The Grammarphobia Blog

Is “upstate” an adverb, an adjective, or a noun?

Q: I claim the “in” is redundant and unpleasant to the ear in this sentence: “Senator Gillibrand was campaigning in upstate NY.” I am quite sure we could do without it, and would be better off without it.

A: There’s nothing wrong with that sentence. Here “upstate” is an adjective modifying “New York.” It’s used much like “northern” would be.

The word “upstate,” according to dictionaries, can be used as an adverb, an adjective, or a noun. Here are examples of each:

Adverb: “They drove upstate last weekend.”

Adjective: “They drove to upstate New York last weekend.”

Noun: “They came back Sunday night from upstate.”

So the writer of that sentence could correctly use either “campaigning in upstate New York” or “campaigning upstate.”

And by the way, the state in “upstate” doesn’t have to be New York. In fact, “upstate” doesn’t necessarily have to be up.

The Oxford English Dictionary defines the adverb as meaning “in that part of a state which is (regarded as) higher than another, or is more remote from the chief centre. Freq. with reference to the State of New York.”

The adjective means “of, pertaining to, or characteristic of, an area upstate; situated upstate, rural; also, designating part of a State remote (esp. north) from a large city.”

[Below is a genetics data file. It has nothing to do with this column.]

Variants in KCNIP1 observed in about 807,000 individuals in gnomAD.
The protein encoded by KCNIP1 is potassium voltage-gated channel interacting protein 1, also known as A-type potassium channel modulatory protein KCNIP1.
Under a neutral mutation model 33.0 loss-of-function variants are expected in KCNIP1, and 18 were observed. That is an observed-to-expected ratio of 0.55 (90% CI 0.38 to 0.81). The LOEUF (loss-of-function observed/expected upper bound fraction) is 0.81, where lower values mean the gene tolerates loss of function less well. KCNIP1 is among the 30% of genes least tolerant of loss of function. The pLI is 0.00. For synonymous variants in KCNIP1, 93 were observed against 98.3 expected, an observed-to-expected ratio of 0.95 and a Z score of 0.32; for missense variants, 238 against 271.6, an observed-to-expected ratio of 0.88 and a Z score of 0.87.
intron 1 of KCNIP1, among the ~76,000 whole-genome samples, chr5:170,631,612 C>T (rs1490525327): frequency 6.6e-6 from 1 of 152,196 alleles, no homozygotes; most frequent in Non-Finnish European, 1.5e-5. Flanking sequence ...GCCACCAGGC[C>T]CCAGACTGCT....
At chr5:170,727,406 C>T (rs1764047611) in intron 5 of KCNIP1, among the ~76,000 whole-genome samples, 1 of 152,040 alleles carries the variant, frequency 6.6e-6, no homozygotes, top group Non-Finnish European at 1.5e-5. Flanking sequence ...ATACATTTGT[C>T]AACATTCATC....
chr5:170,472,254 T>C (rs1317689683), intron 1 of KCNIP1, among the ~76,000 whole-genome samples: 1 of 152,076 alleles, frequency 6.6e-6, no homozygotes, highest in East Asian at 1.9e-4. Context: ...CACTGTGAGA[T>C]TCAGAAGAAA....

And the noun means “an upstate region” or “a rural area,” the OED says.

When the term was first recorded in print (in 1901, according to OED citations), it was used as an adverb in an article about prostitution in New York City.

Here’s the OED’s citation, which comes from the North American Review: “American girls … imported from small towns up-State.”

But the OED has non-New York references as well.

Jonathan Daniels, the editor of the Raleigh (NC) News and Observer, used the adverb in A Southerner Discovers the South (1938), his book about a 10-state tour of the South: “I heard about it upstate.”

And the noun form appeared in a 1974 issue of a southern newspaper, the Easley (SC) Progress: “Many of us in the upstate do not appreciate the value of the Tidelands … to our environment.”

We should add that the use of “upstate” as a noun is much less common than its use as an adverb and an adjective. The noun use is limited and is governed by idiom.

While it’s idiomatic to say, “He is in upstate [adjective] New York,” it is not idiomatic to say “He is in upstate [noun]” or “He is going to upstate [noun].” We do, however, say, “He is from upstate [noun].”

Check out our books about the English language